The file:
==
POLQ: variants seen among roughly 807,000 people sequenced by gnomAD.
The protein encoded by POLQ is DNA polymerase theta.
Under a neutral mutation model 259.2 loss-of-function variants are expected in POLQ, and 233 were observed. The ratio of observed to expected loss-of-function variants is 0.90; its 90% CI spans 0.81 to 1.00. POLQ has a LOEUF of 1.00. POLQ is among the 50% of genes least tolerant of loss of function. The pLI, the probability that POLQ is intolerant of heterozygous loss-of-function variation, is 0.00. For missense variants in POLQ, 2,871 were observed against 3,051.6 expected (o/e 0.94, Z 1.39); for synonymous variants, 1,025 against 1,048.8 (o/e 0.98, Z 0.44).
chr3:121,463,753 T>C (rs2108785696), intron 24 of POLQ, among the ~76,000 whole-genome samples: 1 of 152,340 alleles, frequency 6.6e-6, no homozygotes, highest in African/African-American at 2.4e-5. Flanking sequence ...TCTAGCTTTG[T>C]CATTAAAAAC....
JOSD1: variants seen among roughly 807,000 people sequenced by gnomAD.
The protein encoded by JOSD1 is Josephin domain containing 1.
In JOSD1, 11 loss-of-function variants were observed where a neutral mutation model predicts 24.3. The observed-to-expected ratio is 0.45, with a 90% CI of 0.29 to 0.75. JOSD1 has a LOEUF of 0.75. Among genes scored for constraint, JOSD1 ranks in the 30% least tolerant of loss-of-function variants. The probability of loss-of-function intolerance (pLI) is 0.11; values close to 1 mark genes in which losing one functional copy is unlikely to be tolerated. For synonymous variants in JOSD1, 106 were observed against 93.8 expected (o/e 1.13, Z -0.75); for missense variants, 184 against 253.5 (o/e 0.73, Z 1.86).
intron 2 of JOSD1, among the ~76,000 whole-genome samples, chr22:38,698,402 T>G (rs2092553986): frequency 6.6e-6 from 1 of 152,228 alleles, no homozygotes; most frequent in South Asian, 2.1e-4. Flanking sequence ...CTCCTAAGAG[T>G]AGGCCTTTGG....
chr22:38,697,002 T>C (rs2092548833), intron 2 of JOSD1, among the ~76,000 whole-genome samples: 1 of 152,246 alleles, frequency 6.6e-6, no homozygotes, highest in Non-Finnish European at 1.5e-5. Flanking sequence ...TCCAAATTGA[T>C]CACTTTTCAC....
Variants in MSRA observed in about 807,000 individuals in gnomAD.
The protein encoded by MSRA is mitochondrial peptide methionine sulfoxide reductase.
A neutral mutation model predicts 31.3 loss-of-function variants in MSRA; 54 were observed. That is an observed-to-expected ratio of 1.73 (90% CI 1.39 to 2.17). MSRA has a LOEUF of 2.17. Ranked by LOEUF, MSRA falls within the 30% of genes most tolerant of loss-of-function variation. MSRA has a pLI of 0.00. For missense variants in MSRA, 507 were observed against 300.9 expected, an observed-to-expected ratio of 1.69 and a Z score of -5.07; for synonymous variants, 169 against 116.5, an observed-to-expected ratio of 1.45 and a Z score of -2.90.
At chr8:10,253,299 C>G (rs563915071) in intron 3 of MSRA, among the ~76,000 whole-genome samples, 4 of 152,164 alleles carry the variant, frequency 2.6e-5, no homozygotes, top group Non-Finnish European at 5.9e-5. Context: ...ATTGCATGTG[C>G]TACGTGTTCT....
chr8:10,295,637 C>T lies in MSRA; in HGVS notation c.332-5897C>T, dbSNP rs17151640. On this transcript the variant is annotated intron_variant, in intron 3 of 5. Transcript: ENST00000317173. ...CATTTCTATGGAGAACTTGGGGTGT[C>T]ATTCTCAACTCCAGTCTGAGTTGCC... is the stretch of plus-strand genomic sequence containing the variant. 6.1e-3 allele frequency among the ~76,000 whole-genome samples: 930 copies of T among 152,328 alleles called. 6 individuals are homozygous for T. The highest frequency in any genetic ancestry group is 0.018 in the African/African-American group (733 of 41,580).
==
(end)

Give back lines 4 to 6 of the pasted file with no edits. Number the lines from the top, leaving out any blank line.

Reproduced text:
chr3:121,463,753 T>C (rs2108785696), intron 24 of POLQ, among the ~76,000 whole-genome samples: 1 of 152,340 alleles, frequency 6.6e-6, no homozygotes, highest in African/African-American at 2.4e-5. Flanking sequence ...TCTAGCTTTG[T>C]CATTAAAAAC....
JOSD1: variants seen among roughly 807,000 people sequenced by gnomAD.
The protein encoded by JOSD1 is Josephin domain containing 1.